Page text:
We all know working out is good for our bodies -- but did you know it's good for our emotions, too?

New research shows exercise may very well be an effective treatment for depression, especially among those with heart problems.

The study authors say that up to 40 percent of heart patients are clinically depressed and three-quarters score higher than average on tests for depressive symptoms, so they set out to discover if something as simple as exercise could help.

In the 30-month study, more than 2,000 heart-failure patients were tested for depression and then divided into two groups: one received normal care for their heart condition, and the other underwent that care plus a program of aerobic exercise like riding a stationary bike or using a treadmill.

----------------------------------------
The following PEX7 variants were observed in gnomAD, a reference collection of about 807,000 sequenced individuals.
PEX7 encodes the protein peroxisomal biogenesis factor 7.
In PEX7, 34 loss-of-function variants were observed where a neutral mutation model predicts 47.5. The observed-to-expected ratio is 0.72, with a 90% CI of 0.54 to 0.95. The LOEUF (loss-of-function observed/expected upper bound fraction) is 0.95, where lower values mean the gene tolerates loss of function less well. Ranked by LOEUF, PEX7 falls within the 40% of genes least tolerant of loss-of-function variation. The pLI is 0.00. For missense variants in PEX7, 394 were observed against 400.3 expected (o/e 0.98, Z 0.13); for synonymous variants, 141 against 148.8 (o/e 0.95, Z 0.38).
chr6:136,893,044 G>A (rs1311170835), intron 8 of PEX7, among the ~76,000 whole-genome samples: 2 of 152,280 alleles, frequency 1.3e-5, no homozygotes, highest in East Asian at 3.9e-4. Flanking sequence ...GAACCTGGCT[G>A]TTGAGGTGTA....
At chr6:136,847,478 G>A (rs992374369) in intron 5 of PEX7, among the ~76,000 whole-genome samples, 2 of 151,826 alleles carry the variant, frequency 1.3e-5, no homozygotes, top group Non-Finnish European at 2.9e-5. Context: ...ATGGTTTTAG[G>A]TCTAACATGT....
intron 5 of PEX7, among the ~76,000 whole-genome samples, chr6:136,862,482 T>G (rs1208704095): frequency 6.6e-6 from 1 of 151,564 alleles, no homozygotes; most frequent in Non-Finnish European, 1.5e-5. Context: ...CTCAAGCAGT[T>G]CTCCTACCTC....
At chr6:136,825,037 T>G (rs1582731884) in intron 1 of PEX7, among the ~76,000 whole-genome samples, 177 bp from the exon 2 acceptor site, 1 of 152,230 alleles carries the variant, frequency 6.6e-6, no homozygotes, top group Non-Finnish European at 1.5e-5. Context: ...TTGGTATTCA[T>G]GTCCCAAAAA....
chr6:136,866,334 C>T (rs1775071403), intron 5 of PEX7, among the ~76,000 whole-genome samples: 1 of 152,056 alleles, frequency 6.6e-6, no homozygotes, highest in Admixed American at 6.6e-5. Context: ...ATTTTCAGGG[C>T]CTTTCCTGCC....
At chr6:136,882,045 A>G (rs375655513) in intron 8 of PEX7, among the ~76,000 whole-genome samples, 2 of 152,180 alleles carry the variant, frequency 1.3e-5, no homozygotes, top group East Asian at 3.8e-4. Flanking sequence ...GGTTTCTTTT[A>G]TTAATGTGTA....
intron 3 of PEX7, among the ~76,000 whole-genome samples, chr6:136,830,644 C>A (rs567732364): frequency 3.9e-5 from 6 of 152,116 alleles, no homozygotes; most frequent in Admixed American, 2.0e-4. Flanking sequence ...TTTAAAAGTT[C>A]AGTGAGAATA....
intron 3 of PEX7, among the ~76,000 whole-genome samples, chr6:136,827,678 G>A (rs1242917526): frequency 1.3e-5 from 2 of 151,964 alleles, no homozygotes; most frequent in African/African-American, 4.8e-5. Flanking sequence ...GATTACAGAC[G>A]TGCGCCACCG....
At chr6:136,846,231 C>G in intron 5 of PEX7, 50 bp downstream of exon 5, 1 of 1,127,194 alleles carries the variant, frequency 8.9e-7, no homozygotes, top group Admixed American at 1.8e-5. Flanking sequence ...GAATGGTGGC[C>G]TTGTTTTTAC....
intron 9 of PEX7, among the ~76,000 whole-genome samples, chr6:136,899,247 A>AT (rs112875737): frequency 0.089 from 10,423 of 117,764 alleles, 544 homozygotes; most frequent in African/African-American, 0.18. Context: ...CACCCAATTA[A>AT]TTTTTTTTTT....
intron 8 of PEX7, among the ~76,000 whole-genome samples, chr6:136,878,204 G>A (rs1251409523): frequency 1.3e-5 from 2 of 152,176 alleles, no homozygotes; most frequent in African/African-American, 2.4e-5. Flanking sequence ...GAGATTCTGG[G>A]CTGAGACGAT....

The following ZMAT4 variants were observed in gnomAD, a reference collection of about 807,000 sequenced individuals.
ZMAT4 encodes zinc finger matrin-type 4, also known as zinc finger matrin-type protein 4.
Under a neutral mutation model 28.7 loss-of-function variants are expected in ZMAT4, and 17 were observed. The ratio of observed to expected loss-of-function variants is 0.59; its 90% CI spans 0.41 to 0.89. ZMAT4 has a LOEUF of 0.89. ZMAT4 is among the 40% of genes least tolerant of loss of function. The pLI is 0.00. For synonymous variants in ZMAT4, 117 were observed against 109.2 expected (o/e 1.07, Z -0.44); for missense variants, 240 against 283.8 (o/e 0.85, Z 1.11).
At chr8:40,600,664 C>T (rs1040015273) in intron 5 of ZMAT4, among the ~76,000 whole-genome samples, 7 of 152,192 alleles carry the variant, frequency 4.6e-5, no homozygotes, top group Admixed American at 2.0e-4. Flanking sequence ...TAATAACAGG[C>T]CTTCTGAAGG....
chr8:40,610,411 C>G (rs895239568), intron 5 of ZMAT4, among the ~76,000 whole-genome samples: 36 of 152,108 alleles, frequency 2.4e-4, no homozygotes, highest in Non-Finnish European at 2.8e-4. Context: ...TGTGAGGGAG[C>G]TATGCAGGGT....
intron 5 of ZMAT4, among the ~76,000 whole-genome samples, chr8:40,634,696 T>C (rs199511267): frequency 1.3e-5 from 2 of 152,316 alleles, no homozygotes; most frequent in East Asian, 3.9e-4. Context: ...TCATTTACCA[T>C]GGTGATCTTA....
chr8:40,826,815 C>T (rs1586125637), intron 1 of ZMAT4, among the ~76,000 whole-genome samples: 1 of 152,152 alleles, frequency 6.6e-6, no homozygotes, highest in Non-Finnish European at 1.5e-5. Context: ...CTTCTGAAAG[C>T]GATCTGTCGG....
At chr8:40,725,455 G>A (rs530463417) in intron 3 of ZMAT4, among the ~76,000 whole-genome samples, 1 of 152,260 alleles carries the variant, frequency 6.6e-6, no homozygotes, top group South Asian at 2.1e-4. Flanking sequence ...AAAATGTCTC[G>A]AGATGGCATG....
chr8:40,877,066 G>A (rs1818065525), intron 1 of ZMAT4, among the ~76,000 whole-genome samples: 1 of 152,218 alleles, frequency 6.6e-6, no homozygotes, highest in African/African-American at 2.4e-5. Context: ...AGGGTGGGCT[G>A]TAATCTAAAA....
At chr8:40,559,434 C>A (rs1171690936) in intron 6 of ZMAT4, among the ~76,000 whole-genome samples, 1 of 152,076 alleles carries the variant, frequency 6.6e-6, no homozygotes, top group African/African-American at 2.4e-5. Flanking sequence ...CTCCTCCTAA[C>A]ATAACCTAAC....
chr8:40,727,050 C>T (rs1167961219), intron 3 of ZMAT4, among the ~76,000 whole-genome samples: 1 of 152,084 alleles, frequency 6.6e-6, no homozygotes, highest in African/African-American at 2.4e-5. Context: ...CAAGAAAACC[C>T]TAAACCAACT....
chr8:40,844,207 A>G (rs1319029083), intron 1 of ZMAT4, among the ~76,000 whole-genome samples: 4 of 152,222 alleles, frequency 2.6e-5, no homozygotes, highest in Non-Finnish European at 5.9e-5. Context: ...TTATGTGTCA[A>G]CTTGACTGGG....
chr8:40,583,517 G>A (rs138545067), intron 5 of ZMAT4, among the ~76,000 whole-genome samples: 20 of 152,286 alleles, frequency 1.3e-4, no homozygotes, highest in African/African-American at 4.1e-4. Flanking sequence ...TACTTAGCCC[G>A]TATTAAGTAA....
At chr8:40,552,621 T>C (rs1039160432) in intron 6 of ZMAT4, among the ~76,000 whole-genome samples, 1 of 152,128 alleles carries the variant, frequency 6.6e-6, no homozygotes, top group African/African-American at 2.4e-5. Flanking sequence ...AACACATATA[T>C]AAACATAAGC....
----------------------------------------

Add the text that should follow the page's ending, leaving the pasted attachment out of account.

When the study concluded, the exercise group had a modest reduction in depressive symptoms and was also found to have a lower risk of hospitalization and of death. Although the difference was small, the size of the pool of participants means it’s unlikely the results were just coincidence.

The findings are just the latest to tie exercise to an improved emotional state. In fact, one previous study found that for some people, physical activity can work just as well as standard antidepressant drugs.

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